It’s crazy to actually see change come to fruition right before our eyes. Speculating on the effects the changes will have is even crazier. In this case, I’m speaking about the gentrification phenomenon. Can you imagine if one of the realest songs ever penned were recorded in today’s Harlem? It might have a whole new texture. Violins will provide the backdrop to a glee club crooning in unison:

“Across 110th Street, police corruption is obsolete

“Across 110th Street, we can find a quaint place to go eat

“Across 110th Street, you’ll find no litter on the concrete

Across 110th Street, living amongst New York City’s elite”

Yuck! In the year 1972, Harlem was nothing nice—and that’s putting it mildly, from what I hear. The chaos and angst from that era was captured with a grit and passion that connected nationally in the form of the Top 20 Billboard single “Across 110th Street” by Bobby Womack.

During a little research session on the song and the era, I discovered a clip featuring Womack being interviewed by then brother-in-law and host of the “hippest trip in America,” “Soul Train,” Don Cornelius. Womack was asked what it was like to wear the hats of singer, songwriter and producer of his then burgeoning litany of hits. He replied, “It’s like being free … just to open up and express yourself is a beautiful feeling. It’s no confusion at all because I know what I want to do, and I can do it better than telling somebody else how to do it.”

Despite a few major acknowledgements (Rock and Roll Hall of Fame induction and the consequential tribute album, Calvin Richardson’s Grammy-nominated “Facts of Life: The Soul of Bobby Womack”), the works of Womack had been virtually buried for at least a decade. In 2010, however, a momentous change occurred in the form of a musical project from the United Kingdom called Gorillaz. For the virtual band’s third album, “Plastic Beach,” Womack was featured as a lyricist and singer for the album’s lead single, “Stylo,” featuring Mos Def. Womack was given carte blanche as a creator during the recording and told Q magazine, “I was in there for an hour going crazy about love and politics, getting it off my chest.” The album went gold and platinum in several European countries, which led Womack to a recording contract with the London-based XL Recordings and his latest project, “The Bravest Man in the Universe.”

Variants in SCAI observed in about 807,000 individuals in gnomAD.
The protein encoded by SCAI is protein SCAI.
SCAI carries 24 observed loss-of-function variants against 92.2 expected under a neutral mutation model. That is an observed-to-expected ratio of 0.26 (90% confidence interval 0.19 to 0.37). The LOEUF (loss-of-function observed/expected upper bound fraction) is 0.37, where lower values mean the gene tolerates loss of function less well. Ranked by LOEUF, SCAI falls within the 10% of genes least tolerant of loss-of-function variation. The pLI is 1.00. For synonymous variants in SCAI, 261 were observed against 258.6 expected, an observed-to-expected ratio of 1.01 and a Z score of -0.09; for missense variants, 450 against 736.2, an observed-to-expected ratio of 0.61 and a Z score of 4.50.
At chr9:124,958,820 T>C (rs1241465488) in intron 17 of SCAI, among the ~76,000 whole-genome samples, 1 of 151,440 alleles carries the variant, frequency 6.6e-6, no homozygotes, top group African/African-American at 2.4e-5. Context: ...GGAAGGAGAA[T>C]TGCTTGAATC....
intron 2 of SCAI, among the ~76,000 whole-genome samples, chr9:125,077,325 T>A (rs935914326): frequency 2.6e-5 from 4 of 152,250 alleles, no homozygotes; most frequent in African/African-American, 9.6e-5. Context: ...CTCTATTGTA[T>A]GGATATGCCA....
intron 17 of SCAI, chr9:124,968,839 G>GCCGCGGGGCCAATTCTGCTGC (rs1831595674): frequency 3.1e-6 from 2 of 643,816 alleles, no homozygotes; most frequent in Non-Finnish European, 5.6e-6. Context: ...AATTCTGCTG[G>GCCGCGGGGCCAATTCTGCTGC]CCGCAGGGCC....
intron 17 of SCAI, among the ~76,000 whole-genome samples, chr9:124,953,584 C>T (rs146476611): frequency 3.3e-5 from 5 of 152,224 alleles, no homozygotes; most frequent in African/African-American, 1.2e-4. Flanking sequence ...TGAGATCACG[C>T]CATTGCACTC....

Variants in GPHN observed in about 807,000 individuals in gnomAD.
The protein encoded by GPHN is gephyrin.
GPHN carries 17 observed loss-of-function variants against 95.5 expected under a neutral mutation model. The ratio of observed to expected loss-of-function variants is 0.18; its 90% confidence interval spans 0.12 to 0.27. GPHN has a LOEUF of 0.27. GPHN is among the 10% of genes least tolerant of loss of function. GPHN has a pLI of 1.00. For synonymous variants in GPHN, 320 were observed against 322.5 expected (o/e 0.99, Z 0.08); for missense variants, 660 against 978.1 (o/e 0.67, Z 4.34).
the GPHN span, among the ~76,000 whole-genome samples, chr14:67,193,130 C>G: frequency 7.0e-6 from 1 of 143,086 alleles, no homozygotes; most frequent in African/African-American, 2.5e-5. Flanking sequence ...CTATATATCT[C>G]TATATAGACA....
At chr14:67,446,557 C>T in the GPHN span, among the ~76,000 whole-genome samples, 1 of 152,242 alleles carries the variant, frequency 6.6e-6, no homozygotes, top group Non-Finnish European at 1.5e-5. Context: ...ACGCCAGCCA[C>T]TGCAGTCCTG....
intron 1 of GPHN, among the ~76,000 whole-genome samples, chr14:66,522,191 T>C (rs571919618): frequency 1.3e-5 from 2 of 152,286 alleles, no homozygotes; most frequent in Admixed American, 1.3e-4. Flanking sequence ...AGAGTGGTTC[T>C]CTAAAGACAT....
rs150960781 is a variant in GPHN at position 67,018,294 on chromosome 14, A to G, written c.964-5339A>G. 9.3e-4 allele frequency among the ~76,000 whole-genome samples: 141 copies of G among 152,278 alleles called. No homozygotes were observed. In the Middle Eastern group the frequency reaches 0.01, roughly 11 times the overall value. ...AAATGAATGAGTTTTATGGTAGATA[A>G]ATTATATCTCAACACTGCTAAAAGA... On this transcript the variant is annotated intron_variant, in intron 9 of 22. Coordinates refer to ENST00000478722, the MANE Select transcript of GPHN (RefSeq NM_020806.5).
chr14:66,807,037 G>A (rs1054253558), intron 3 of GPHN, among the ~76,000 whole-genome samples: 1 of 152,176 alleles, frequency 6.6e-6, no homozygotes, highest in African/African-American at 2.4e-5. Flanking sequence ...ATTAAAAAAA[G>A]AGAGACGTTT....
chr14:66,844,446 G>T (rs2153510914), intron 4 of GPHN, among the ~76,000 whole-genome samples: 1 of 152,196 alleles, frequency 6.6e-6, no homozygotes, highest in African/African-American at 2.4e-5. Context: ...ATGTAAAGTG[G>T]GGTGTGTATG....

All this led to a night in December at the City Winery as Womack, adorned in a red leather suit, looked and sounded the part of just what he is—one of the last bad mutha—shut-yo-mouths left standing. Playing in New York for one of the first times in nearly a decade, Womack, with a full on band in tow, executed a lesson in what soul music is and does. It’s not about hit records, it’s about connecting. If it just so happens that if your hits do connect, then all the better.

That’s the difference between a night of nostalgic oldies from a star of a certain decade and a night of “church” from a true icon. So when he sings the lyrics, “You don’t know what you’ll do until you’re put under pressure/Across 110th Street is a hell of a tester,” a few of us still relate, unfortunately. The roller-coaster ride of relationships divided the room, with a few hands devilishly raised in praise of “I Wish He Didn’t Trust Me So Much,” the tough love of “That’s the Way I Feel About Cha” or “If You Think You’re Lonely Now” and the final plateau of “Love Has Finally Come at Last” and “(No Matter How High I Get) I’ll Still Be Looking Up to You.”

The highlight of the night was the tribute to his former mentor Sam Cooke. “A Change is Gonna Come” is truly a work of art in and of itself, and Womack’s duet with his daughter Gina was a perfect way of saying, “I made it, my man.”

Few connected better than Womack then and now.

Over and out, just like 2013! Holla next week. Till then, enjoy the nightlife.